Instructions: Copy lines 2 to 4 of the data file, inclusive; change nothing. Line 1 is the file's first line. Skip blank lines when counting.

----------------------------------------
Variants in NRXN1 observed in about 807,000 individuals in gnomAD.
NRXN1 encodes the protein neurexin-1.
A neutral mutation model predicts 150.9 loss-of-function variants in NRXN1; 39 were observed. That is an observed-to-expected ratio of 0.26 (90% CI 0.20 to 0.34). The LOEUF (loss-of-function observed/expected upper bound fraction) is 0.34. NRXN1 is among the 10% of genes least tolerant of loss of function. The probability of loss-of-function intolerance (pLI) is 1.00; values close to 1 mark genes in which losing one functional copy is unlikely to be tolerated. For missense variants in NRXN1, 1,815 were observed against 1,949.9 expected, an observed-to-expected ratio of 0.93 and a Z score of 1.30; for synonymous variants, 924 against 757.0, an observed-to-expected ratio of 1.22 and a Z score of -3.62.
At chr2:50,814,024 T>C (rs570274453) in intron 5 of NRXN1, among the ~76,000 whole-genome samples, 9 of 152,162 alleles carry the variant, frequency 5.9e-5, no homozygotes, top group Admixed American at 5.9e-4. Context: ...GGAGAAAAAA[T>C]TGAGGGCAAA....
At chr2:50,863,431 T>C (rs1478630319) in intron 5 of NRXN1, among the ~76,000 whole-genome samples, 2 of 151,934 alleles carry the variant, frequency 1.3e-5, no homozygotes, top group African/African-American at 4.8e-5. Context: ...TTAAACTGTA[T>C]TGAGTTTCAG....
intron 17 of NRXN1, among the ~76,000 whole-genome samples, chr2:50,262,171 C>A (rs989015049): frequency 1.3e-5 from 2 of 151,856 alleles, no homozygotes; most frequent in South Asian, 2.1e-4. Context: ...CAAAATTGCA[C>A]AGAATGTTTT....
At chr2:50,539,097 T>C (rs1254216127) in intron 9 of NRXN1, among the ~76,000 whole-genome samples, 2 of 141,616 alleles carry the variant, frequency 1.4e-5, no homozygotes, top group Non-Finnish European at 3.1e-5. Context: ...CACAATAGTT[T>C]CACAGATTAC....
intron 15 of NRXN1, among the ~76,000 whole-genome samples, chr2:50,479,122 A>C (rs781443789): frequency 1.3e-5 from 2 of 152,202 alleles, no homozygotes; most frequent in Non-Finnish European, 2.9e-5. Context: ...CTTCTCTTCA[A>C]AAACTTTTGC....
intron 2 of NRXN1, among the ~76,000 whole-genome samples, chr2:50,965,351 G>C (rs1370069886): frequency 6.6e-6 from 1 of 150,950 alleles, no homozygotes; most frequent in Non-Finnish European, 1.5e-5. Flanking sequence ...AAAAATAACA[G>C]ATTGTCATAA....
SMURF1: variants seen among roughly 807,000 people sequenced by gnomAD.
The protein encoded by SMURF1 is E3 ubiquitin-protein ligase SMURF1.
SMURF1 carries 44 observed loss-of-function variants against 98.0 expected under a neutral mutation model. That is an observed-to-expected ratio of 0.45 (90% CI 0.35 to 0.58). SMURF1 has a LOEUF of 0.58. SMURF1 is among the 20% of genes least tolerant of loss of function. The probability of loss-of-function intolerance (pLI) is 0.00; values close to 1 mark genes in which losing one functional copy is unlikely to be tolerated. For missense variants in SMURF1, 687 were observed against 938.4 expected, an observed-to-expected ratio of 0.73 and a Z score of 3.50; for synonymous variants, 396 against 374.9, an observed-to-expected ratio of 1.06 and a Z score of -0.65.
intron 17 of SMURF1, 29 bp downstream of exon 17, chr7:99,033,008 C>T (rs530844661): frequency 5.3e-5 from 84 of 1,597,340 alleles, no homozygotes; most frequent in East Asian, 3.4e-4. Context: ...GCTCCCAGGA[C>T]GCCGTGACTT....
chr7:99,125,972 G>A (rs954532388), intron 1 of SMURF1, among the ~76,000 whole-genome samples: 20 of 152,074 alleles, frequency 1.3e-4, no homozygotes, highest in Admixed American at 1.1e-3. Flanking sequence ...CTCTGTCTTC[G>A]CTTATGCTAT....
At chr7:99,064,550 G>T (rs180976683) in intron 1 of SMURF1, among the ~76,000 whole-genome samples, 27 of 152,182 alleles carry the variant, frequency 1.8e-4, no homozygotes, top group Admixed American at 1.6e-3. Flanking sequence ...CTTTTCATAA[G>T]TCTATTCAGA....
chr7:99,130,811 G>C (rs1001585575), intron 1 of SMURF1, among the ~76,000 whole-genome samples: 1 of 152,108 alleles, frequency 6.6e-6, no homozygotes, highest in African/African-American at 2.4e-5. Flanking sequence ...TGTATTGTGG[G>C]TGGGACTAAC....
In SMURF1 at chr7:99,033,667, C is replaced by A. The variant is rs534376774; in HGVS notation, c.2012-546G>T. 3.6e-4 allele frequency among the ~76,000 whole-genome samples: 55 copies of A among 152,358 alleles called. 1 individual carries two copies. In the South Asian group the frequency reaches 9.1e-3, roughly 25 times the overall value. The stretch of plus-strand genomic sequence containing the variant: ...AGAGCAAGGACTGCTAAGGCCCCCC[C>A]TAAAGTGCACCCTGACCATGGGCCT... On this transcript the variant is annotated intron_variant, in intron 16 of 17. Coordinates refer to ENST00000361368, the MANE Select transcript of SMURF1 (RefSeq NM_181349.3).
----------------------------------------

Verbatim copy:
NRXN1 encodes the protein neurexin-1.
A neutral mutation model predicts 150.9 loss-of-function variants in NRXN1; 39 were observed. That is an observed-to-expected ratio of 0.26 (90% CI 0.20 to 0.34). The LOEUF (loss-of-function observed/expected upper bound fraction) is 0.34. NRXN1 is among the 10% of genes least tolerant of loss of function. The probability of loss-of-function intolerance (pLI) is 1.00; values close to 1 mark genes in which losing one functional copy is unlikely to be tolerated. For missense variants in NRXN1, 1,815 were observed against 1,949.9 expected, an observed-to-expected ratio of 0.93 and a Z score of 1.30; for synonymous variants, 924 against 757.0, an observed-to-expected ratio of 1.22 and a Z score of -3.62.
At chr2:50,814,024 T>C (rs570274453) in intron 5 of NRXN1, among the ~76,000 whole-genome samples, 9 of 152,162 alleles carry the variant, frequency 5.9e-5, no homozygotes, top group Admixed American at 5.9e-4. Context: ...GGAGAAAAAA[T>C]TGAGGGCAAA....